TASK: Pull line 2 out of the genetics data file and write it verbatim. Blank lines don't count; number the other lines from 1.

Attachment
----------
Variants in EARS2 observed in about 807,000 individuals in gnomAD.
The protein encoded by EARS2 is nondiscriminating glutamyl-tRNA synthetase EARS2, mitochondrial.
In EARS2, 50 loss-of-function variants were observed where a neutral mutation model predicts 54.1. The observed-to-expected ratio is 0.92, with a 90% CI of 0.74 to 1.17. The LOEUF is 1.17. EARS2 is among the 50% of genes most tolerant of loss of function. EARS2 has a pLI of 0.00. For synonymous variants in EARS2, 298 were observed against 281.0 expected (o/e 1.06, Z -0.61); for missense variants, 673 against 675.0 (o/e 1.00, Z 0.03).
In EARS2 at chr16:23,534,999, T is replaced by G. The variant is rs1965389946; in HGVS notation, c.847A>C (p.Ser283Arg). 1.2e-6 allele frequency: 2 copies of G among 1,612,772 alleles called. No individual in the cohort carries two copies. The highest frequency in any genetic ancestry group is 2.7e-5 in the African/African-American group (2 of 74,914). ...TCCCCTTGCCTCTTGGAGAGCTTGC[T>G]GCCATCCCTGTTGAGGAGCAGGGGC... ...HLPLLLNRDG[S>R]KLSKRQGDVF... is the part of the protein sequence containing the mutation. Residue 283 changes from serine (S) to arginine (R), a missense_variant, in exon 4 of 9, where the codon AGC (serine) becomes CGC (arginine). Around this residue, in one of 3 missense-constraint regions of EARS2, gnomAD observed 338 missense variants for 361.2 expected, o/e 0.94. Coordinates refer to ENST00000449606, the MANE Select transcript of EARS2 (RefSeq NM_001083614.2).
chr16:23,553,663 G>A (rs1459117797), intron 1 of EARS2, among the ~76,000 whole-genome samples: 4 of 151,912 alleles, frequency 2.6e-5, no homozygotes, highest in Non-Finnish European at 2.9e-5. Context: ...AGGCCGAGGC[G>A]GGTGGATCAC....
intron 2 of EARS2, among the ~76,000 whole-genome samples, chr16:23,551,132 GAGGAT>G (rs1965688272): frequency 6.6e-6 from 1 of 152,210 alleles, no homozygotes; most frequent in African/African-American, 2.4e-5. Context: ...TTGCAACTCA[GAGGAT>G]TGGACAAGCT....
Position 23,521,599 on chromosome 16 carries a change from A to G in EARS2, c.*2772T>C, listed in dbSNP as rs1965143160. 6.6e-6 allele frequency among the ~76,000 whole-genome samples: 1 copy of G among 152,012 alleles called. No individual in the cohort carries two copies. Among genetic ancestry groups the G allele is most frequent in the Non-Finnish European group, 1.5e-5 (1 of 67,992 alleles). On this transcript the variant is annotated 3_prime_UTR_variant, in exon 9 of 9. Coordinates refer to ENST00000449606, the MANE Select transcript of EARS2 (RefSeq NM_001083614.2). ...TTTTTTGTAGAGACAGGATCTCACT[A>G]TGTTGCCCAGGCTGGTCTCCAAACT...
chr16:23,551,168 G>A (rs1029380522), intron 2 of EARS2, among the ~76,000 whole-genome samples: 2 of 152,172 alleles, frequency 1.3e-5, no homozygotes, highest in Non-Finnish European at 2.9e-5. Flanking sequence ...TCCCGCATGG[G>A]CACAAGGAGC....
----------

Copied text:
The protein encoded by EARS2 is nondiscriminating glutamyl-tRNA synthetase EARS2, mitochondrial.